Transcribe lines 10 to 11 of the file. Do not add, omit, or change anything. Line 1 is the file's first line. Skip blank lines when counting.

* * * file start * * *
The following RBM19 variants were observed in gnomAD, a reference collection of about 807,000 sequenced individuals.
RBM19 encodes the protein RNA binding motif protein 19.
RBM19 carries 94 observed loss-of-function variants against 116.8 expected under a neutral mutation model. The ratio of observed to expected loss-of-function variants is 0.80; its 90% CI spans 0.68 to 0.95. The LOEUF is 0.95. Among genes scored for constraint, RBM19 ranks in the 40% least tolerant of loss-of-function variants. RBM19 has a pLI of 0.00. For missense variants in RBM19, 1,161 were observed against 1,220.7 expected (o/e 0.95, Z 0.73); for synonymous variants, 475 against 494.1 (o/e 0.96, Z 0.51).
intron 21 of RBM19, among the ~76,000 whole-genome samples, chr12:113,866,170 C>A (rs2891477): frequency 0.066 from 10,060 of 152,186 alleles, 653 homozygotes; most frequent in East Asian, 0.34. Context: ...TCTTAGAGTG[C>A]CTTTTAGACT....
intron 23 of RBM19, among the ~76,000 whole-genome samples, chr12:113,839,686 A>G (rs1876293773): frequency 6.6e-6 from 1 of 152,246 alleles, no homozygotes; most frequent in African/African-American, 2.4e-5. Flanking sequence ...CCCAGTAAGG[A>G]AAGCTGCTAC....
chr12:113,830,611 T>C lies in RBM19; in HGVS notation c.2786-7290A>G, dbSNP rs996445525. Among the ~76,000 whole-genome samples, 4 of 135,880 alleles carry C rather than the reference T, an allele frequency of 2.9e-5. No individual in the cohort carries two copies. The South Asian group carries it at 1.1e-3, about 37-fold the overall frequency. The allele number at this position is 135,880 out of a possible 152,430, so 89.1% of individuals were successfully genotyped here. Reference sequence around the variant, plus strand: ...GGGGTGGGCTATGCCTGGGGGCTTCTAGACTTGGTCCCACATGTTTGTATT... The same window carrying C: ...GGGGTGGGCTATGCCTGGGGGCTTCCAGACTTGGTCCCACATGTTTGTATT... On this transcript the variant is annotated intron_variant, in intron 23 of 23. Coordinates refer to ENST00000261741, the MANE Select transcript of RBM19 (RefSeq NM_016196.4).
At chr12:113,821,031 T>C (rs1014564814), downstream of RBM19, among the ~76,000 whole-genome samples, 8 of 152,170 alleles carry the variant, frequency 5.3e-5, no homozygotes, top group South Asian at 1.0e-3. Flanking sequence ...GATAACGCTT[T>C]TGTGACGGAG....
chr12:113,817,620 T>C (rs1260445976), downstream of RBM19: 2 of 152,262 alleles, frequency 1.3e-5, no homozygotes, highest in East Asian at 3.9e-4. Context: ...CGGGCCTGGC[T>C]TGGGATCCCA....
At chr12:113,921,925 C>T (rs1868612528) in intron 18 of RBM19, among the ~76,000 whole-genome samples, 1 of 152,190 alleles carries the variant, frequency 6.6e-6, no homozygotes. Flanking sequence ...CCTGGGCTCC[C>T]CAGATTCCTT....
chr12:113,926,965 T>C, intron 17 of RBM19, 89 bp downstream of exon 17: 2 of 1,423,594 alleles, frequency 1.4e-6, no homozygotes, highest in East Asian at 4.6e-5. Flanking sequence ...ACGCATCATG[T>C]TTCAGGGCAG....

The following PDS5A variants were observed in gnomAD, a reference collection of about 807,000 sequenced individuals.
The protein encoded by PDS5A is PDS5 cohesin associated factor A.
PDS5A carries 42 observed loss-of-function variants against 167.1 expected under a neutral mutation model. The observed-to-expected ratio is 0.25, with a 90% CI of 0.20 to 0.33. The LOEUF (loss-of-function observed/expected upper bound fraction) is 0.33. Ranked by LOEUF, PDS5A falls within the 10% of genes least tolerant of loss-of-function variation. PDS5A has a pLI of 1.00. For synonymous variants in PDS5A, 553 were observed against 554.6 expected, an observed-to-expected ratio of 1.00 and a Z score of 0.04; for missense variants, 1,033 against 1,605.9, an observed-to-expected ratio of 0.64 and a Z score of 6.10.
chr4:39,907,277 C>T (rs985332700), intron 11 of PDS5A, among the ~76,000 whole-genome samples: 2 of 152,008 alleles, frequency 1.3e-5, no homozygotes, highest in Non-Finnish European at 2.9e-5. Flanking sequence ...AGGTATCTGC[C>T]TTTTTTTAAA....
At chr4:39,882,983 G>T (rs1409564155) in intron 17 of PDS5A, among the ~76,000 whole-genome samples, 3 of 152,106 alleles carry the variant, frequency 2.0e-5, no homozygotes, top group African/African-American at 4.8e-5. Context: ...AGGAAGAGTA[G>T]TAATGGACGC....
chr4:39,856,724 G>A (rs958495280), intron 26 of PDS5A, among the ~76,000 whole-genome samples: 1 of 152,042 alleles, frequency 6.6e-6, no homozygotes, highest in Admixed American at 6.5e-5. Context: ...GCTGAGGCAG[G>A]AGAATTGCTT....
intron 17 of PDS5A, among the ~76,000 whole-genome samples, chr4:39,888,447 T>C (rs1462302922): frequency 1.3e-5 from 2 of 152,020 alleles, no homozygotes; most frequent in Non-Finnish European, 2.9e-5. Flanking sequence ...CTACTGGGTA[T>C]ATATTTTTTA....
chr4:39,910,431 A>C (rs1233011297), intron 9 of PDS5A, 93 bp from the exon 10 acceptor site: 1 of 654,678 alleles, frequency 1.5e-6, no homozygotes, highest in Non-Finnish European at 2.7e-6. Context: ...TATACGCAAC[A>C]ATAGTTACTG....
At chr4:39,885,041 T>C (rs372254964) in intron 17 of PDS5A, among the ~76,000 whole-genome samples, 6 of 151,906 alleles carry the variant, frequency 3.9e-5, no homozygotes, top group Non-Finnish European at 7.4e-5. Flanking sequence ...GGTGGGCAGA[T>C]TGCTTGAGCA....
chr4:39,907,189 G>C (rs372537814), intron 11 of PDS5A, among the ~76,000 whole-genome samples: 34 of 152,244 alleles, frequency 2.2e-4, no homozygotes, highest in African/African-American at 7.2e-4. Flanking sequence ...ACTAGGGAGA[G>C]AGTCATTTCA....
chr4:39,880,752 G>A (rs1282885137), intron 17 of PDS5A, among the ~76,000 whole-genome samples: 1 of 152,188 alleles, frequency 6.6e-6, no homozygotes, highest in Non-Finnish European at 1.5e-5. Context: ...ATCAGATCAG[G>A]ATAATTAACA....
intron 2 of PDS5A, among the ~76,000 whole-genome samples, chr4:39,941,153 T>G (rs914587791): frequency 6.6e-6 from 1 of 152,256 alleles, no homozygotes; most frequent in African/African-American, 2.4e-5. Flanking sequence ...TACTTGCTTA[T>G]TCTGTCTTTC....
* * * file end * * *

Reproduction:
chr12:113,926,965 T>C, intron 17 of RBM19, 89 bp downstream of exon 17: 2 of 1,423,594 alleles, frequency 1.4e-6, no homozygotes, highest in East Asian at 4.6e-5. Flanking sequence ...ACGCATCATG[T>C]TTCAGGGCAG....

The following PDS5A variants were observed in gnomAD, a reference collection of about 807,000 sequenced individuals.